How to become a musician - Owning our Study


// There are many activities that can empower us to own our study, not as property of course or to have power over it, but in the way it manifests as self-assuredness, intent and responsibility.

Creativity in composition, improvisation, sharing, and performance. These are examples of our String Camp's focus and activities. Each has a powerful potential to bring meaning to our study and to help us realize its inherent value in our lives. This is of particular import when we are young and many decisions are necessarily made for us. Relatedness to our subject can be elusive. Continuing to find value and inspiration is important for adults too, and the ideas in this article are useful for music study at any age.

As parents and teachers, we would like our children to not only do what is needed to 'do' music but to find personal value in it and take responsibility for their participation. This is something that cannot be easily conveyed by simply explaining theory and concepts, but it must be experienced.

Owing one's study is a constant topic of conversation for us at Songbird Rising; how to elevate responsibility and how to provide ways to make it experience satisfying and fun. Once strong ownership is realized then what was once a chore becomes a charm. We are no longer doing what we are told or think we have to do, but doing as we wish, as we are inspired.

Any subject that we find deep value in is easier to study. This value will be unique for each of us but we can describe its feeling, the keystones of ownership -

Passion

Inspiration

Responsibility

Self-expression

Focus

Intent

Independence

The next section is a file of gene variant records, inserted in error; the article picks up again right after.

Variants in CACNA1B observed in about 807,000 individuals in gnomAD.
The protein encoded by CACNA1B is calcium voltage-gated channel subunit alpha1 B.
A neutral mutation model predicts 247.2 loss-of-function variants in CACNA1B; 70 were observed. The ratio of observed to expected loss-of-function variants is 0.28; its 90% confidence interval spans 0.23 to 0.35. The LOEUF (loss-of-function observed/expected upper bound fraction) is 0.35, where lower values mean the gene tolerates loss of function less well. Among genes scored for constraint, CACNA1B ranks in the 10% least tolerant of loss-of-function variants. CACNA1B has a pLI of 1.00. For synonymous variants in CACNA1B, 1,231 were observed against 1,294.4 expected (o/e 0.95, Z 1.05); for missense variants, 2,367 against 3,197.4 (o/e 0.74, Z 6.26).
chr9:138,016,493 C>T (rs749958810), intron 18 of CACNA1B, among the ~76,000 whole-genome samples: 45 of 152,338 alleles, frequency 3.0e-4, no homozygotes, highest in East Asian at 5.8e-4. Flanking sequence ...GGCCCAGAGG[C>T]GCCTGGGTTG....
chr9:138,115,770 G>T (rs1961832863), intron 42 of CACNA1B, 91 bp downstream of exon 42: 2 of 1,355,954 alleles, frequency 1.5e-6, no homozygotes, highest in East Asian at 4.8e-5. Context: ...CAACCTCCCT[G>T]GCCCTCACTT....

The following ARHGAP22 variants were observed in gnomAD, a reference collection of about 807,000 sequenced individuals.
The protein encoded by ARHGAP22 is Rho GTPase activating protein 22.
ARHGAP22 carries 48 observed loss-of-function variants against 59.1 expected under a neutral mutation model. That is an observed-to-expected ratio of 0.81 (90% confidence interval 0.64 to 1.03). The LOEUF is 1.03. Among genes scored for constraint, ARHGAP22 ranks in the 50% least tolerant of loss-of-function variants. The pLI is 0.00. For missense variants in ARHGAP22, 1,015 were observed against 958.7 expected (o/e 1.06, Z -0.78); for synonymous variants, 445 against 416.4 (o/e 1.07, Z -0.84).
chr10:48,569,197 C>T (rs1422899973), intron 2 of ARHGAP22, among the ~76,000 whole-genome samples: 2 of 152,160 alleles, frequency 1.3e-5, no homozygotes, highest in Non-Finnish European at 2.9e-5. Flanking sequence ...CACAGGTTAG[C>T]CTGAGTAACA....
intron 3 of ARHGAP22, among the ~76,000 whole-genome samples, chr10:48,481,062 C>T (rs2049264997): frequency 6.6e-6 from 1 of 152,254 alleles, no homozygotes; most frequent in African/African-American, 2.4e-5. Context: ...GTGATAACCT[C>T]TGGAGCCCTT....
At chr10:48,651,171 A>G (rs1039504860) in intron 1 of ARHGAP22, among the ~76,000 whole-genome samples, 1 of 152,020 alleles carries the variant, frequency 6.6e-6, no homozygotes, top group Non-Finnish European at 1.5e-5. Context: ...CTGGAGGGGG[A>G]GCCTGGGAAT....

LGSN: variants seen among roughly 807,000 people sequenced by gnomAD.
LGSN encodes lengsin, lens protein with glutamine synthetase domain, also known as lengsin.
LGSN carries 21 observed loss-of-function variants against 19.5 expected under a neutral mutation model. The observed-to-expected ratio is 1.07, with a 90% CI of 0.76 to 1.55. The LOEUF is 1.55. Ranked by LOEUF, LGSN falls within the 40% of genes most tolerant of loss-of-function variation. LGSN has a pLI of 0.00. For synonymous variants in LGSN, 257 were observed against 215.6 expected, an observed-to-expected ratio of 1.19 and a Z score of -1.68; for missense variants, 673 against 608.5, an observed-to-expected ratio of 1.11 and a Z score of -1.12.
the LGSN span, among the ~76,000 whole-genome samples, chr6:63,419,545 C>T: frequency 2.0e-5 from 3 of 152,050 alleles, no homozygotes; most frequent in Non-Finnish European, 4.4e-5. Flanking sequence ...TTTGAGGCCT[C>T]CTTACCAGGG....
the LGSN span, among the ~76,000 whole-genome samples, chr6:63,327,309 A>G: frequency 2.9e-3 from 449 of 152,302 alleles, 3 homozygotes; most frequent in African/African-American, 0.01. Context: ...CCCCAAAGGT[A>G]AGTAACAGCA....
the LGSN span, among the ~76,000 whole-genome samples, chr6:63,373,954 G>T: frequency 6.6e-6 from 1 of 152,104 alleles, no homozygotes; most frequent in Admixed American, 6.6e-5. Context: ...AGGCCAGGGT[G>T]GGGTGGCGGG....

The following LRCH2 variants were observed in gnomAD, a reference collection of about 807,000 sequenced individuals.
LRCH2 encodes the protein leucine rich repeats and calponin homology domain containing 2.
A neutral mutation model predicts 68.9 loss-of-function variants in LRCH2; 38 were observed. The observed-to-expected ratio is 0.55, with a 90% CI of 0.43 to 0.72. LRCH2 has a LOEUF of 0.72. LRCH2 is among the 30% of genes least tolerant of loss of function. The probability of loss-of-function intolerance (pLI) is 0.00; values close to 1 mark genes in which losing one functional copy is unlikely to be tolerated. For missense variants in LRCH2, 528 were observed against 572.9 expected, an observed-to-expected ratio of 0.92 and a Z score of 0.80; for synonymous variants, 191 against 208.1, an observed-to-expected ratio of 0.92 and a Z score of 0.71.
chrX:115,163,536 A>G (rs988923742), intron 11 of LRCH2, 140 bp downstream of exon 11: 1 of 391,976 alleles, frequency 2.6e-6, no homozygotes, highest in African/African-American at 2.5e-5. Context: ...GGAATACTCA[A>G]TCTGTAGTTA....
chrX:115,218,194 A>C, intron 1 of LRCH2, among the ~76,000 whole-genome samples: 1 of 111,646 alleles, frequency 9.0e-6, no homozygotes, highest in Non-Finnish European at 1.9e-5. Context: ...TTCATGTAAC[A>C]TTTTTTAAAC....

For both our summer string campers and our year-round violin students, we work to engender the experience of ownership. For your child's (or your own) home practice, it is highly recommended to be creative in keeping the sense of ownership alive. There are many ways that you can do this, and we can name some ideas here for you to try out.

Perform Often

It does not matter if you are a beginner or an advanced player, you can perform! After all, this is what learning an instrument is all about. Remember, performing may always be scary so there is no reason to wait!

  • Busking

  • Open mic nights

  • Birthdays and holidays

  • Cheer up a friend in need

  • Find friends who play and meet regularly to play

Create a Nurturing Environment

One of Songbird Rising's core values!

  • Honor practice, make it sacred and intentful - Check out THIS BLOG for inspiration

  • Immerse yourself in the music that you are learning and love - listen and share daily, and find out its history and meaning

  • Find other musicians who inspire you with their compositions, performance, and character

Get Creative

Anybody, no matter their experience level can do this. If you need some help, ask your teacher. We have plans for a future blog post describing ideas and suggestions for composition and improvisation.

  • Make part of each practice creative and spend a few mins improvising

  • Compose your own music - be adventurous and nonjudgmental

  • Ask to share your compositions with your friends and especially your teacher

  • If you have a piece you are proud of (and you are a Songbird Rising student) we can record it for you!

Celebrate

Recognize and celebrate your achievements as you would for another. When helping your child practice, remember to celebrate their hard work. When you meet your practice goals, complete a performance, write a great piece of music, or any other awesome accomplishment, give yourself or your child recognition well deserved! Make a big deal about it!

Maybe the most fundamental and beautiful celebration is the music itself, as we play we are celebrating life!

// Start today and take your study up a notch in enjoyment and sense of ownership! If you have any ideas for how to engender ownership, please share them with us and the Songbird Rising community in the comments and share the blog with your friends.

#Tips #Inspiration

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